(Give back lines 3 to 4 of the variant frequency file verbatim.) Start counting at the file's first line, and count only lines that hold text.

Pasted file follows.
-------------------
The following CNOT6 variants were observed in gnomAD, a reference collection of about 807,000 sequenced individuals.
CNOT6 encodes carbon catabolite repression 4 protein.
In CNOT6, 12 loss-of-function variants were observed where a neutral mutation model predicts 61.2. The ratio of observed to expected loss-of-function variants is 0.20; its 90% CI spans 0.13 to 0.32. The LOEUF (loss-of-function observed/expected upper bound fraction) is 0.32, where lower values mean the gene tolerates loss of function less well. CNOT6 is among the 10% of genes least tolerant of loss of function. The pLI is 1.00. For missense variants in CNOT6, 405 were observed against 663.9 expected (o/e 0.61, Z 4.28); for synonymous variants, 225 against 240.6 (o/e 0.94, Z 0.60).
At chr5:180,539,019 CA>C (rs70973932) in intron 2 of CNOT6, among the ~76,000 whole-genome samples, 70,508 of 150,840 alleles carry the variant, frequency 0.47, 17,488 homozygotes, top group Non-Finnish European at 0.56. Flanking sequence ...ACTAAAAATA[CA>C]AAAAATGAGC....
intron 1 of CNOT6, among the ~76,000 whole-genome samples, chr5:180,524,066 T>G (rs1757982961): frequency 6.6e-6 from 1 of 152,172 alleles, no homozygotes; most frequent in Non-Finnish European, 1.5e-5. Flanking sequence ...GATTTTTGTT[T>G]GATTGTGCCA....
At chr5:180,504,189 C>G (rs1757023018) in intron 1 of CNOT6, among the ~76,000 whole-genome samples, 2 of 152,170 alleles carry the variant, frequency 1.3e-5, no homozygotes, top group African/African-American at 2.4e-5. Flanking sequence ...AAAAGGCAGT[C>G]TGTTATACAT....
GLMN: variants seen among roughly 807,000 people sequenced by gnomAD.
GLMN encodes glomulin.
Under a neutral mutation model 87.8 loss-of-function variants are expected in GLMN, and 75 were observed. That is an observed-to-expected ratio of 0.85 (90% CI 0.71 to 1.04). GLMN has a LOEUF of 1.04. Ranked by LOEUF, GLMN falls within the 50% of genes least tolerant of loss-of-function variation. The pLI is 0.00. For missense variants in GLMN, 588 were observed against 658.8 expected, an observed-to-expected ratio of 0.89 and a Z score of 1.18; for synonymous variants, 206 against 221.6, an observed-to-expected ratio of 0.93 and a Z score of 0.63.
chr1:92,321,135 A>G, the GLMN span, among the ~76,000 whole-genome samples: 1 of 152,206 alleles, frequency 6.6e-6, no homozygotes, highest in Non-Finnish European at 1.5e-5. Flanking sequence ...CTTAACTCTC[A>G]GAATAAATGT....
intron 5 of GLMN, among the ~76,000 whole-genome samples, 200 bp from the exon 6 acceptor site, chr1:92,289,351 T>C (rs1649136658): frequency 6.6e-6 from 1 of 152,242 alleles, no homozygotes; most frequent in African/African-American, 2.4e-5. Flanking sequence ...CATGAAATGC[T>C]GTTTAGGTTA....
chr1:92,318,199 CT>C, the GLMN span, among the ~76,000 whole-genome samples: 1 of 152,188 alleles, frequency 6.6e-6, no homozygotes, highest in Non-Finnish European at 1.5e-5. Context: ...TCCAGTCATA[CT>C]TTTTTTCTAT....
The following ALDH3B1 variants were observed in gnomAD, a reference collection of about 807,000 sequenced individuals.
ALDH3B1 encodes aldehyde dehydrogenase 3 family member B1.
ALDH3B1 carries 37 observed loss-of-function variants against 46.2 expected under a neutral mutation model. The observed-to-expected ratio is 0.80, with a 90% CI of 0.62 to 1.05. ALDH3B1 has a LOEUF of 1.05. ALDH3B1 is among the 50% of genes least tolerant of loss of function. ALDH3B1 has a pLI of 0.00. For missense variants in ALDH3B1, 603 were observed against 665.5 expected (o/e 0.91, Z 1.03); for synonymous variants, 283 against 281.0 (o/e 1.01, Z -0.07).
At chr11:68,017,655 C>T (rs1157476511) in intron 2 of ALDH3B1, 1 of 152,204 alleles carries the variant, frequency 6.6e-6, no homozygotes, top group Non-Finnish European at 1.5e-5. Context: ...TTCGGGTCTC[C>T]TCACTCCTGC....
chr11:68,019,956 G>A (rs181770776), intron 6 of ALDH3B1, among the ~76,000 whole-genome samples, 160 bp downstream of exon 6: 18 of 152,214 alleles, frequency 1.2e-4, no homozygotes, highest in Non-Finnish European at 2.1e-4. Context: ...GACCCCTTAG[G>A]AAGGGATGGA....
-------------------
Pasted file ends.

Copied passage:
In CNOT6, 12 loss-of-function variants were observed where a neutral mutation model predicts 61.2. The ratio of observed to expected loss-of-function variants is 0.20; its 90% CI spans 0.13 to 0.32. The LOEUF (loss-of-function observed/expected upper bound fraction) is 0.32, where lower values mean the gene tolerates loss of function less well. CNOT6 is among the 10% of genes least tolerant of loss of function. The pLI is 1.00. For missense variants in CNOT6, 405 were observed against 663.9 expected (o/e 0.61, Z 4.28); for synonymous variants, 225 against 240.6 (o/e 0.94, Z 0.60).
At chr5:180,539,019 CA>C (rs70973932) in intron 2 of CNOT6, among the ~76,000 whole-genome samples, 70,508 of 150,840 alleles carry the variant, frequency 0.47, 17,488 homozygotes, top group Non-Finnish European at 0.56. Flanking sequence ...ACTAAAAATA[CA>C]AAAAATGAGC....